Over the next few years, the U.S. healthcare system will be in the hands of academics from Cambridge, Massachusetts. New CMS Czar Donald Berwick was a member of the Harvard Medical School faculty. Joe Newhouse, who has been the senior adviser to Medicare for as long as I can remember, holds appointments in three different schools at Harvard. David Cutler, Dean of Harvard’s Undergraduate College, seems a good bet to lead the Independent Medicare Advisory Board. Countless of their colleagues and former students have taken key policy making positions in Washington.

I know most of these scholars. They are brilliant as a rule and are acting in the truest sense of public service. None of them are socialists in the usual sense of the word; they do not believe that the government is an efficient provider of most goods and services. I don’t think they want the government to provide health care either. They have never called for government ownership of hospitals or suggested that physicians join the civil service. But whether they realize it or not, they are the vanguard of a movement bringing socialized medicine to America.

My Cambridge colleagues are mostly economists and know a lot about how markets do and do not work. They have learned from economic theory and practical observation that free market health insurance is imperfect. Fearing adverse selection, unregulated insurers take steps that leave some individuals uninsured, while other individuals choose not to buy insurance and free ride off of taxpayer subsidized charity. Most economists (myself included) agree with this diagnosis of the problem with insurance markets.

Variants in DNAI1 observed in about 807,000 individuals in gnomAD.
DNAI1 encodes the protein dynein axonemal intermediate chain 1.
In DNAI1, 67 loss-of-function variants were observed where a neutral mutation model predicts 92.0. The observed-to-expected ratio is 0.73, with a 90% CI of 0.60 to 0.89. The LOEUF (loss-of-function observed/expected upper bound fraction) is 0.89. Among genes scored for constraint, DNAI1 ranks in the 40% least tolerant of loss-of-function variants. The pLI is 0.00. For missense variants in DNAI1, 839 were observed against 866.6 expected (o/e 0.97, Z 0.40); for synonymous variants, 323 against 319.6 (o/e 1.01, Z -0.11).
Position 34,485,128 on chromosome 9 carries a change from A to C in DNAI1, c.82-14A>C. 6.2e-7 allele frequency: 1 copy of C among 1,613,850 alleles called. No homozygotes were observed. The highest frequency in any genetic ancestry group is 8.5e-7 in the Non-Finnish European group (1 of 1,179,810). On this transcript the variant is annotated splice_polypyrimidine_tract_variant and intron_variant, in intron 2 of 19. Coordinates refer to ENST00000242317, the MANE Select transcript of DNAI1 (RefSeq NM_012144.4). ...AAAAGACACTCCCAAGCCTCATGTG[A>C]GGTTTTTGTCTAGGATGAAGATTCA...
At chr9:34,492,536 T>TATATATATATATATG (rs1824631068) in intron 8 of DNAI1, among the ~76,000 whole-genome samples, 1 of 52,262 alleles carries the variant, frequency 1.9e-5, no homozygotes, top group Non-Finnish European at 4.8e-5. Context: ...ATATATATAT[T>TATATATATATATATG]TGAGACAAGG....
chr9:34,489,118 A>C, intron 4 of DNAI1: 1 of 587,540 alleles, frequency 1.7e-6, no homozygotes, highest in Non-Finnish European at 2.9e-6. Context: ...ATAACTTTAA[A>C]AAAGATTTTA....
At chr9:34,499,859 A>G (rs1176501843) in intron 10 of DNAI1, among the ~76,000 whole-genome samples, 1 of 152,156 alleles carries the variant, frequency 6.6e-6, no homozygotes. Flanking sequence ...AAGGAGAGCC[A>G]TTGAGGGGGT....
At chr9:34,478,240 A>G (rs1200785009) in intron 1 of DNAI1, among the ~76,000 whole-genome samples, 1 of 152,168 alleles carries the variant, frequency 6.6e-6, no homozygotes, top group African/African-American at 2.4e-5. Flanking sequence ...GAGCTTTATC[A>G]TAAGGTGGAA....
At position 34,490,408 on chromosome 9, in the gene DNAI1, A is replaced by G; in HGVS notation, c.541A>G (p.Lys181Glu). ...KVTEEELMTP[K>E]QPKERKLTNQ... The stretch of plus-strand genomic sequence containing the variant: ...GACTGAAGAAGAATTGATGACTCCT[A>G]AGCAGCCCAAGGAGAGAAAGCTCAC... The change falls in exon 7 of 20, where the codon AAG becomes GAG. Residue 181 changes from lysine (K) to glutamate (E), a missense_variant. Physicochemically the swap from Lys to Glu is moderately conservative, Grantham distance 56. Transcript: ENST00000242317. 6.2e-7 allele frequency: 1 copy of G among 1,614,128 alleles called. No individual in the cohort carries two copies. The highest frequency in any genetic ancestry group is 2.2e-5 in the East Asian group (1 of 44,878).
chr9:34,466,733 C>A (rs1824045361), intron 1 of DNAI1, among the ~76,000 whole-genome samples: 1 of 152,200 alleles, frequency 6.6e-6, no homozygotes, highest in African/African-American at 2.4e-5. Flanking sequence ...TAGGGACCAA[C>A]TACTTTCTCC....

Academics have proposed many fixes to these market failures. Conservatives like Stanford’s Alain Enthoven and Wharton’s Mark Pauly favor some sort of voucher or direct subsidy with which individuals can buy their own private insurance. Unfortunately, Wharton is hundreds of miles from Cambridge and Stanford is on the wrong coast. The preferred Cambridge solution is a combination of greatly expanded government insurance and a tightly regulated private insurance market. This is the essence of Obamacare.